5. I’d love to meet you at the track and have a running partner for some speed work. Sadly I’m nowhere near NC, so instead I’ll send you speedy running vibes. 🙂

    And you’re right, the 10 minute rule only works if you’re honest about the good AND bad days!

  6. ugh smokers outside of restaurants make me want to vomit.

    and you better make those running gods happy with you. you don’t wanna piss them off. and if my knee wasn’t dying i’d SO be with you on that track. it’s embarrassing how much i’ve avoided it since…november!

  7. It takes me forever to get out to the track too, which is odd since all I need to do is leave work and walk across campus. After the track workout I usually feel great, but dread the bus ride in my sweaty clothes.

  8. At least you ran the 10 minutes. That’s arguably better than nothing. At least that’s what I tell myself when I was going to run 8 miles and end up doing 2, heh.

    Insert obligatory “u listened to ur body!!1” here.

  9. Haaaa. A scene I know well, brilliantly captured. The 10-minute rule is new to me, but I will definitely be making use of it!

    Maybe you are in a post-awesome-half-marathon hangover still? http://wordbirds.tumblr.com/post/4661216660/anticipression-n-an-tiss-i-presh-un-the

  10. Sounds like you just needed to “listen to your body” and take a rest day! I should totally listen to my own advice because I have a hard time listening to my body and taking it easy when I need to.
    My “motivating speech” is “just get changed and put your running shoes on” ’cause I figure once my shoes are on I’ll at least go outside and run?
    This week I was feeling unmotivated as well so decided to switch it up with a spinning class on tuesday and power yoga yesterday. Both are great – but now I’m finally excited to go on a long run tomorrow. So I guess it worked!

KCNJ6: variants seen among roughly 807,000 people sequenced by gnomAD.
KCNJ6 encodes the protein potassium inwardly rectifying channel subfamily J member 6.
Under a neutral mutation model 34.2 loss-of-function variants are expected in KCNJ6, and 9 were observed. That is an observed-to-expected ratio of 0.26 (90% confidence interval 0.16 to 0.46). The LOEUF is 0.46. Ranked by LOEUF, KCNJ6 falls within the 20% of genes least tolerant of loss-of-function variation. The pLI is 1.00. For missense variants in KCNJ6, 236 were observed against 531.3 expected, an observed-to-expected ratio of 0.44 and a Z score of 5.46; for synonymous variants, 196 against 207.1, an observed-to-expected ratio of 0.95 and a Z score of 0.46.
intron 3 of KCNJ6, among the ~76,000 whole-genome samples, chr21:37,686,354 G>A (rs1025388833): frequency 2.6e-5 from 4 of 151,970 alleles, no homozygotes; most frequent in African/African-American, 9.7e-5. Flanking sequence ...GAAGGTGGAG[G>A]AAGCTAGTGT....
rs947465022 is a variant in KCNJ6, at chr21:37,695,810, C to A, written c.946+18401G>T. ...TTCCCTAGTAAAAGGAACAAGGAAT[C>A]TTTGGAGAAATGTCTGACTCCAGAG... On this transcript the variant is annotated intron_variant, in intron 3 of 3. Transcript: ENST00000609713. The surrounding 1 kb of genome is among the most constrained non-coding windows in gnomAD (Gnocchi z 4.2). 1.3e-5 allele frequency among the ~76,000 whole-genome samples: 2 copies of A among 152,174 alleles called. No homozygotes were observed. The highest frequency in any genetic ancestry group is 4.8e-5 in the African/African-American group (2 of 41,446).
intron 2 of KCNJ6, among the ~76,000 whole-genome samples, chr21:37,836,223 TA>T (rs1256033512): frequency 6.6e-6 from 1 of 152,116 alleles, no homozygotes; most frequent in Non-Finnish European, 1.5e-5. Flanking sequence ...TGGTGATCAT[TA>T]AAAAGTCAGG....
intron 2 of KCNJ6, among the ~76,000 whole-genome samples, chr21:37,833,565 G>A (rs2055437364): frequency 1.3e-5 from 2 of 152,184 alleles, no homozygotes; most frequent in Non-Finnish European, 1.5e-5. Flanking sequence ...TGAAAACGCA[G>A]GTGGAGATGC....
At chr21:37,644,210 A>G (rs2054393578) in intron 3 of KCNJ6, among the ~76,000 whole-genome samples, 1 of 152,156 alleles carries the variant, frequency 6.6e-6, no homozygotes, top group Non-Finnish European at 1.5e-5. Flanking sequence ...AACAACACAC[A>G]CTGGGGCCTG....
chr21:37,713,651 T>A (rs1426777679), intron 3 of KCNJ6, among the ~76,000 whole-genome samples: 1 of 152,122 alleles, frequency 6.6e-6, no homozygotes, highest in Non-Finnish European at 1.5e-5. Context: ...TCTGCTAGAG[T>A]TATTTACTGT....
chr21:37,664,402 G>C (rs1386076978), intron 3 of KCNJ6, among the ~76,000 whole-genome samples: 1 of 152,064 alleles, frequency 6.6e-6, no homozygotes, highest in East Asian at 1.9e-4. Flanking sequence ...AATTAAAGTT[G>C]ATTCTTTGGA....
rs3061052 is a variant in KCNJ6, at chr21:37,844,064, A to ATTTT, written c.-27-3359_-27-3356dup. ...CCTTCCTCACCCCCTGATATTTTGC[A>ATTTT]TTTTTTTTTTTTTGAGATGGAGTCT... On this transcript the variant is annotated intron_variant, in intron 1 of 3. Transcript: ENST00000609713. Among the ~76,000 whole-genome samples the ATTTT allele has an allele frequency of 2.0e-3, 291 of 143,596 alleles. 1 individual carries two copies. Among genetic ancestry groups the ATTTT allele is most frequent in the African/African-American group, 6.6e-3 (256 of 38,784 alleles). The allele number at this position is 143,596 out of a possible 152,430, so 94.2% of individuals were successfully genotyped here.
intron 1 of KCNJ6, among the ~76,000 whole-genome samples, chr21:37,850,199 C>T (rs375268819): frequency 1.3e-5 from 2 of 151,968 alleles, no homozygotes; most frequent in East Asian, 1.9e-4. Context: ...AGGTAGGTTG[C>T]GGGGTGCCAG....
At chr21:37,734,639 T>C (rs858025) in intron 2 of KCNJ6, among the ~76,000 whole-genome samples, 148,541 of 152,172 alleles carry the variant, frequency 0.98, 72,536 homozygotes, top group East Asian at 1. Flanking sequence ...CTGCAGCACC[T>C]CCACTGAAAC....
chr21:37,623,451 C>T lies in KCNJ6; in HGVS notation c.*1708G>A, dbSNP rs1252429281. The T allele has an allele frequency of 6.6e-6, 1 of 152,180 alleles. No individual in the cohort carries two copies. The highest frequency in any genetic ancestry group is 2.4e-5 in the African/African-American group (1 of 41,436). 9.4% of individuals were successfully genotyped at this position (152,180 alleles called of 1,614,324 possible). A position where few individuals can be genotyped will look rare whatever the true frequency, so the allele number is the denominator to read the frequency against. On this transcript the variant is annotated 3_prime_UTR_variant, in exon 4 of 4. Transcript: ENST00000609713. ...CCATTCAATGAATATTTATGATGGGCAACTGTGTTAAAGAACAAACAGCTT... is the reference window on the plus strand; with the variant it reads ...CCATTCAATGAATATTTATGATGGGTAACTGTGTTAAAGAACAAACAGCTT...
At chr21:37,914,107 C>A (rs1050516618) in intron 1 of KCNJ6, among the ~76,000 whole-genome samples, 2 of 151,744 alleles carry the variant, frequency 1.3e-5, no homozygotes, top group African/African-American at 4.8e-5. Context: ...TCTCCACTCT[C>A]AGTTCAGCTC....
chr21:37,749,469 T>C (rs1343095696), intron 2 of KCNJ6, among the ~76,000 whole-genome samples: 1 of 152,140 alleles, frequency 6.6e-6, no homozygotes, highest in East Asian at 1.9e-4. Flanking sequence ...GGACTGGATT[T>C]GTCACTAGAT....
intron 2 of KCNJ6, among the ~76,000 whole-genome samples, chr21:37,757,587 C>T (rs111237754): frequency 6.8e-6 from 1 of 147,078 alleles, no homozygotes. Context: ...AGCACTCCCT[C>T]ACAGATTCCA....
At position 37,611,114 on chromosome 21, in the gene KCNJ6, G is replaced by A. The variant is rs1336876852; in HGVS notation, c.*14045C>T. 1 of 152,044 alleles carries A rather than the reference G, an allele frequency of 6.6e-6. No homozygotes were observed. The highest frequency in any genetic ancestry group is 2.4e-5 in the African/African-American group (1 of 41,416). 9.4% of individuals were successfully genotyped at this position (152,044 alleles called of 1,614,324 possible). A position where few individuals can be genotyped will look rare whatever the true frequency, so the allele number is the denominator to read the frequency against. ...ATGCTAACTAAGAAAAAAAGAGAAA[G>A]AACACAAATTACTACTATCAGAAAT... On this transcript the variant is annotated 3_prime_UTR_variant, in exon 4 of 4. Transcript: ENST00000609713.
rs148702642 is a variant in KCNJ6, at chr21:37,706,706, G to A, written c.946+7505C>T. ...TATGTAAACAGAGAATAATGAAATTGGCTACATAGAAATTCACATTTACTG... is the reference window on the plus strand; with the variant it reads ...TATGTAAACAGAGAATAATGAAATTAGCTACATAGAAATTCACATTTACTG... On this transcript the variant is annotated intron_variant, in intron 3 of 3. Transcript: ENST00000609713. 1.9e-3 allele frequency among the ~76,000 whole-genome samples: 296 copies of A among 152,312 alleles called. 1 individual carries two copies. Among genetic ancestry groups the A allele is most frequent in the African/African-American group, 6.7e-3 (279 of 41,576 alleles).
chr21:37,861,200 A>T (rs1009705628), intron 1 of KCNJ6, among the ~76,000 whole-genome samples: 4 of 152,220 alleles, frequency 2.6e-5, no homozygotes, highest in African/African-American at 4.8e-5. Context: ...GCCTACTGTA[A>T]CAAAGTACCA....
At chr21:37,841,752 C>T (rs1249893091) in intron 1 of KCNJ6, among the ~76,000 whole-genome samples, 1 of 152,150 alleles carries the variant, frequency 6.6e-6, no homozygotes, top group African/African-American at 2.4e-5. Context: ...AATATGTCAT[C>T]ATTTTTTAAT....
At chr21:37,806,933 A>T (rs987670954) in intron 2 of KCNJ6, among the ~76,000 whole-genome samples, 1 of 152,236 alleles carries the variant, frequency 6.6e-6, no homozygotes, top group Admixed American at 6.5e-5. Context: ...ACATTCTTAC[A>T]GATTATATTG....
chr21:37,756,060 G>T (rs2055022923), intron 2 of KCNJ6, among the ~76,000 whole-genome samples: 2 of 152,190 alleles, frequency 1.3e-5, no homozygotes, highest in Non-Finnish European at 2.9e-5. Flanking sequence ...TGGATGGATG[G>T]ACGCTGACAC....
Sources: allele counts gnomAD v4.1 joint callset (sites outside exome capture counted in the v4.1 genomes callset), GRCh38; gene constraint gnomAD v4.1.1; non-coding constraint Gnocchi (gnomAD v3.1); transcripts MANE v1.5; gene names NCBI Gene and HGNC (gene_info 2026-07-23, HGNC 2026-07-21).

11. I have a 1 mile rule. Since it’s an out and back, it forces me to get in at least 2 miles. I have had to walk that 1 mile back though.

  12. 10 minutes is more than enough. Especially when you have to run through smoke.

  13. We all have those days/weeks. I’ve found it’s best to just accept that they happen, take a few rest days without the pressure of planning to run, and then get back out there. Usually the few days of 100% rest make me stir crazy and then I’m raring to go.

  14. Sometimes you just need a break!!! Most of the time if I “make” myself do it, I feel better afterward. But once in awhile there are workouts that are just a major fail because what I really needed was a rest day.

  15. Not every run is an inspiring soaring bit of poetry in motion. Sometimes you just don’t feel it.

    At least you were doing more for yourself than the people eating out and smoking. Lucky bastards probably had beer too.

    In closing: GOOD JOB LISTENING TO YOUR LAZY, INDOLENT, FECKLESS MEATPRISON.

  16. Sh*t happens to all of us. At least you got 10 minutes out and proved to yourself that your body really didn’t want to run- A for effort! 🙂 By the way, ticks are one of my greatest fears in life. I had one when I was 6 and it scared the crap out of me.

  17. Thank you for this. It made me laugh. The ten minute rule sounds like a great plan. Hopefully your next ten minutes are better than the last.

  18. I love that you really stuck to the 10 minute rule. I had either read this plan on your blog before…or somewhere else. Who knows, I’m a big lurker. But I have been doing that recently, and it has really helped my post workout mood. Sometimes you don’t want to work your tush off, and that’s okay! So I get some weird looks when I hop off the treadmill after 10 minutes, but hatas gone hate.

  19. Sometimes there is just NOTHING that will get you in the mood to run or continue. But the 10 min rule really does work like 90% of the time, so its always worth trying!